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First Midweek in Advent

1 Thessalonians 1:1–10

James T. Batchelor

Advent 1, series B
Good Shepherd Lutheran Church  
Hoopeston, IL

view DOC file

Wed, Dec 3, 2014 

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Much of this sermon comes from the sermon series:


An Advent Sermon Series on 1 Thessalonians

by R. Reed Lessing

Copyright 2014, Concordia Seminary, St. Louis, MO, and R. Reed Lessing.

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Our midweek services this year will focus on a few passages that the Holy Spirit inspired the Apostle Paul to write to the church in Thessalonica.  The church in Thessalonica was struggling with some teachings about the coming of Jesus on the Last Day.  Paul wrote a letter to them in order to help them come to the proper understanding concerning the end of time.

Dr. Reed Lessing, a former member of the faculty at the seminary in St. Louis said that Pauls letter to the Thessalonians reminded him of the two minute warning in the NFL.  Teams change their strategy when they know there is not much time left in the game.  The clock becomes the friend of the team that is in the lead and the enemy of the team that trails.  While scoring points is always the ultimate goal of every play, part of the strategy includes the manipulation of the clock.  Every NFL team has what they call a two-minute drill.  Its a bold, accelerated series of plays that are designed for those urgent moments when there is not much time left in the game.

1 Thessalonians is a book that has a lot in common with the two-minute warning.  The Apostle Paul warns the Thessalonians that world history is almost over (1 Thessalonians 1:10; 2:19; 3:13; 4:1318; 5:110).  The time is short.  The church has always lived in eager readiness for that day when the Lord will reveal His presence to all people as He executes final judgment on the earth.  Pauls first epistle to the Thessalonians is one of those places where the Lord informs us about His coming on the Last Day.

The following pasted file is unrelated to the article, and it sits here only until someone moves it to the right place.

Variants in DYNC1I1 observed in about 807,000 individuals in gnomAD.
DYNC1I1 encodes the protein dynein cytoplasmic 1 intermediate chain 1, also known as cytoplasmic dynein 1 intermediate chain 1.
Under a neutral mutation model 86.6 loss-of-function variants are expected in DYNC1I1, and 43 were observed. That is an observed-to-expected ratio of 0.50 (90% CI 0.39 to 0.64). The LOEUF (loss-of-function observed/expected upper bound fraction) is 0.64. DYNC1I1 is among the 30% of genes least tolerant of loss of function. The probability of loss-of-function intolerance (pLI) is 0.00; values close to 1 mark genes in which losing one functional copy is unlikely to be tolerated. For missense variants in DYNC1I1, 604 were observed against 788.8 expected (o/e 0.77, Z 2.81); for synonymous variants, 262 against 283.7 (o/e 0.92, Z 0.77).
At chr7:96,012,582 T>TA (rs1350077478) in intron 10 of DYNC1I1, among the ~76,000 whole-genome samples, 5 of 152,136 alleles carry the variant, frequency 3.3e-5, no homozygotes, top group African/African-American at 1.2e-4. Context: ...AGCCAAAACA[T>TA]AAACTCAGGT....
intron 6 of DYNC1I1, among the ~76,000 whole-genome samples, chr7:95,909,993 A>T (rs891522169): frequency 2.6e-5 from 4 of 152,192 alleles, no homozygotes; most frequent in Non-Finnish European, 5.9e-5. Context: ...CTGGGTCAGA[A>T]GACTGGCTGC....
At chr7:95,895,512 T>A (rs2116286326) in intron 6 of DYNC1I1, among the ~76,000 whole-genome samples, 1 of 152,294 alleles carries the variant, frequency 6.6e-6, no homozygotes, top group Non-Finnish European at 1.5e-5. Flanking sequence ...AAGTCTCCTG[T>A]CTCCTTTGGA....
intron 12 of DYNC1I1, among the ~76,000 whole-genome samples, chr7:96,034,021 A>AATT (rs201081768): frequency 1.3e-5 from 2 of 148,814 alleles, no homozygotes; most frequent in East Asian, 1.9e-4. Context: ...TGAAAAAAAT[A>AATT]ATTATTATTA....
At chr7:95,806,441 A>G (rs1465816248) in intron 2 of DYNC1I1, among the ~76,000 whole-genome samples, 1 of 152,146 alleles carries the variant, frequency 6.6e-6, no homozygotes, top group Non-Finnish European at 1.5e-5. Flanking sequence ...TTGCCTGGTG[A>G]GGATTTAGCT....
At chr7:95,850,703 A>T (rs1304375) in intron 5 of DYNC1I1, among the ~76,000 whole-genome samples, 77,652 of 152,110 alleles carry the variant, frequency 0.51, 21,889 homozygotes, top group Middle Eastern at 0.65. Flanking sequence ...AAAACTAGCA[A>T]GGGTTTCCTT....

You recently heard Pauls greeting to the church in Thessalonica:

Paul begins by wishing grace and peace to His fellow Christians.  Yes, we are to live as though Jesus could return at any moment to judge the living and the dead.  Yes, we all will appear before Gods judgment throne.  But this does not mean that we need to panic.  It is not time to freak out.

The Holy Spirit inspired Paul to remind the Thessalonians and us that we are in God the Father and the Lord Jesus Christ.  That means that we have the Holy Spirits gifts of faith, hope, and love.  The Holy Spirits gift of faith receives the gifts of God especially the gift of forgiveness earned by our Lord and Savior, Jesus Christ.  The Holy Spirits gift of love that comes along with faith reaches out to serve one another.  The Holy Spirits gifts produce hope that looks forward to the day when the Lord returns to raise the dead and give eternal life to all who believe in Him.